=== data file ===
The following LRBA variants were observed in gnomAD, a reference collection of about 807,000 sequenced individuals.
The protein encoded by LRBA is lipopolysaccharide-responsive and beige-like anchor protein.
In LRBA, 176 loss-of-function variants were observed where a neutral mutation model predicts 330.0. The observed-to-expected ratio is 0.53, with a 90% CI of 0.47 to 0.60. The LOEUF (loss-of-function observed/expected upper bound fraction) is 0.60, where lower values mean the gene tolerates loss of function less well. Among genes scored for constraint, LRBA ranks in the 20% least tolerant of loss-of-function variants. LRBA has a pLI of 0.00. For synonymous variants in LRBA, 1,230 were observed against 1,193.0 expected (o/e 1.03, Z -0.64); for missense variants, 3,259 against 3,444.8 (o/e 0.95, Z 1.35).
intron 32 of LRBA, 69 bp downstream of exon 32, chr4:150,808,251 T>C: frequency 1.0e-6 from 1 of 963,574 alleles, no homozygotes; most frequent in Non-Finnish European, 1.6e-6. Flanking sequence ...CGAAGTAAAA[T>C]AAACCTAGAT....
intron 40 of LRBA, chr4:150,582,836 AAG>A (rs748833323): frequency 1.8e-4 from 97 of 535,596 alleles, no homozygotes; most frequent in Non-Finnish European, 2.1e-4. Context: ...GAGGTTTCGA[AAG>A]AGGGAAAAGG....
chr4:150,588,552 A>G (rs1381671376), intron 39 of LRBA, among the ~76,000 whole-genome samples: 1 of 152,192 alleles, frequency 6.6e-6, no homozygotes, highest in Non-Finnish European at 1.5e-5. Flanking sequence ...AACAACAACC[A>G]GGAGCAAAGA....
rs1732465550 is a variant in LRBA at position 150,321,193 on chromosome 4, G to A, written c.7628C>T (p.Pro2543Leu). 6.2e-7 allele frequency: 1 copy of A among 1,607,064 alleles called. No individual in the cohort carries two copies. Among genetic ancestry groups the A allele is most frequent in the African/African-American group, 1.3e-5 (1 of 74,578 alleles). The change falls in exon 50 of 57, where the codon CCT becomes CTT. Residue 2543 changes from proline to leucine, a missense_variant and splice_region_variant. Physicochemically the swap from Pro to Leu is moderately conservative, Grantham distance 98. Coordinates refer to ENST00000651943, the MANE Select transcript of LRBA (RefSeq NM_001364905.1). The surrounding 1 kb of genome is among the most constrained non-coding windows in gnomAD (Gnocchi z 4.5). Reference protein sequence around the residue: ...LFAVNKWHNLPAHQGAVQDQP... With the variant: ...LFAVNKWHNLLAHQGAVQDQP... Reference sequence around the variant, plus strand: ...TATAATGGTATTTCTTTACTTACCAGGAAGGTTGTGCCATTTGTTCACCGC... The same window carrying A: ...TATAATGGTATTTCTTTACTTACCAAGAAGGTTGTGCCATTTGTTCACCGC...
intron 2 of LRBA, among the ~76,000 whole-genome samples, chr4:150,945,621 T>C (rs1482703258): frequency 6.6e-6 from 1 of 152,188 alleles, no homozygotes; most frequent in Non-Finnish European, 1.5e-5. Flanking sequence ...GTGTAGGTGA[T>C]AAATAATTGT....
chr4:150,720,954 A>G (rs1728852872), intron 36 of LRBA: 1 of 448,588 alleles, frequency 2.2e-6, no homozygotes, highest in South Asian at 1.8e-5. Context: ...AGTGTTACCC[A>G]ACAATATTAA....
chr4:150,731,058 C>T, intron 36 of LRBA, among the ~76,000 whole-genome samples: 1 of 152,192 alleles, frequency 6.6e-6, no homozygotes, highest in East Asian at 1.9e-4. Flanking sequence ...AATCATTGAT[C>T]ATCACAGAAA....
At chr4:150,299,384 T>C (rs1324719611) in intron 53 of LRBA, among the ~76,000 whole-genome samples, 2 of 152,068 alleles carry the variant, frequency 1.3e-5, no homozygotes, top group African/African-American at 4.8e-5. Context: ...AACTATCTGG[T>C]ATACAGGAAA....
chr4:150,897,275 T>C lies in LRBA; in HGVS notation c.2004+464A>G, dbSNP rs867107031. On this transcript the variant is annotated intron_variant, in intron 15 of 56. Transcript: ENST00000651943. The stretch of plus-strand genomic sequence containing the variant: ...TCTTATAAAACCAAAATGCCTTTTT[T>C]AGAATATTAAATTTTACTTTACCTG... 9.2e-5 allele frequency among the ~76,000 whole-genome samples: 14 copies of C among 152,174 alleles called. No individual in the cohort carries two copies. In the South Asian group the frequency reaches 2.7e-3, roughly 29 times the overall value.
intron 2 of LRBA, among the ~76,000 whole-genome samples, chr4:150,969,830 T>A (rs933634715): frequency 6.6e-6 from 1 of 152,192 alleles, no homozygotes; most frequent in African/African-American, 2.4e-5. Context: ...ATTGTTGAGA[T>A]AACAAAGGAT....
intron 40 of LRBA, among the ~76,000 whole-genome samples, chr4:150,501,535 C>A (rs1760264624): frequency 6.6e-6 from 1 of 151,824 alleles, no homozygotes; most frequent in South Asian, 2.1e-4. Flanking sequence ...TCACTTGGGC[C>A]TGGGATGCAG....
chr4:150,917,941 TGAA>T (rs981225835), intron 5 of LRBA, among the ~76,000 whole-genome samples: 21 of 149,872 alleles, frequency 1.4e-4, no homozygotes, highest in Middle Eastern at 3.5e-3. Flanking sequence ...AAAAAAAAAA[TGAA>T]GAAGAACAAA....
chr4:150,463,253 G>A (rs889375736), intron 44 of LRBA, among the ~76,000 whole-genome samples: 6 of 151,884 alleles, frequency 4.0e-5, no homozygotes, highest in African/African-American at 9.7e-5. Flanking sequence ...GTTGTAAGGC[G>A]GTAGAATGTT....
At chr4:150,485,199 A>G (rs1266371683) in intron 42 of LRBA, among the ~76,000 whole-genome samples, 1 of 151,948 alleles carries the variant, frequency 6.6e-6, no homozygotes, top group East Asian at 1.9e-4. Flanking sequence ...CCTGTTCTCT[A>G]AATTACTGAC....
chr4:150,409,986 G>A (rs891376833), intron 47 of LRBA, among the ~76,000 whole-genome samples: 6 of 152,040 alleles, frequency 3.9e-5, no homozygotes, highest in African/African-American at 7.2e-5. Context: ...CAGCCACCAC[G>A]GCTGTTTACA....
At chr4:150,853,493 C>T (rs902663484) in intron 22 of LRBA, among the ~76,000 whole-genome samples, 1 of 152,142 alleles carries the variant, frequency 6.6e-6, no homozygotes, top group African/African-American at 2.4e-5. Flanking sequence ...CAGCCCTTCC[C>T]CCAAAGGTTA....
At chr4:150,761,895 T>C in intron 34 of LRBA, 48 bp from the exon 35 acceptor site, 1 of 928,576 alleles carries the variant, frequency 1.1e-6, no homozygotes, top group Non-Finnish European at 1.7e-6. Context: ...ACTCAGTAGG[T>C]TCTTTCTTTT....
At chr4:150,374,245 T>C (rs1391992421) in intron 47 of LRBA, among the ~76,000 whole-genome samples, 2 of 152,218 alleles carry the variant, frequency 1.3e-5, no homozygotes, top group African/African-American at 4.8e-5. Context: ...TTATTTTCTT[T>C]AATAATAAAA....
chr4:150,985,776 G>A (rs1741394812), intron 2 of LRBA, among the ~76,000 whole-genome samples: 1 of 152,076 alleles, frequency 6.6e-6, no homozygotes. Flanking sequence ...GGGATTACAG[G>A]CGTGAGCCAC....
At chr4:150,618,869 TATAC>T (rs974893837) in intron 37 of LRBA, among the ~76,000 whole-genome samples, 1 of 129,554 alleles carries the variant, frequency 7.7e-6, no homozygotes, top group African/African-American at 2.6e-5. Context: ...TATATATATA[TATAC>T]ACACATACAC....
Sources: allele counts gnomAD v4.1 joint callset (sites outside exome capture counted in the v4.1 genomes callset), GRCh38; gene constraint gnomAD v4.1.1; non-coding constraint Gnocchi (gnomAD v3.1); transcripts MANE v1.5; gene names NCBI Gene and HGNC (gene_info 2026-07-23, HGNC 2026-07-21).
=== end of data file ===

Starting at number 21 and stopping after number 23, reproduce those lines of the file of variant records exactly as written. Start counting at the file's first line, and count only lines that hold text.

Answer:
At chr4:150,374,245 T>C (rs1391992421) in intron 47 of LRBA, among the ~76,000 whole-genome samples, 2 of 152,218 alleles carry the variant, frequency 1.3e-5, no homozygotes, top group African/African-American at 4.8e-5. Context: ...TTATTTTCTT[T>C]AATAATAAAA....
chr4:150,985,776 G>A (rs1741394812), intron 2 of LRBA, among the ~76,000 whole-genome samples: 1 of 152,076 alleles, frequency 6.6e-6, no homozygotes. Flanking sequence ...GGGATTACAG[G>A]CGTGAGCCAC....
At chr4:150,618,869 TATAC>T (rs974893837) in intron 37 of LRBA, among the ~76,000 whole-genome samples, 1 of 129,554 alleles carries the variant, frequency 7.7e-6, no homozygotes, top group African/African-American at 2.6e-5. Context: ...TATATATATA[TATAC>T]ACACATACAC....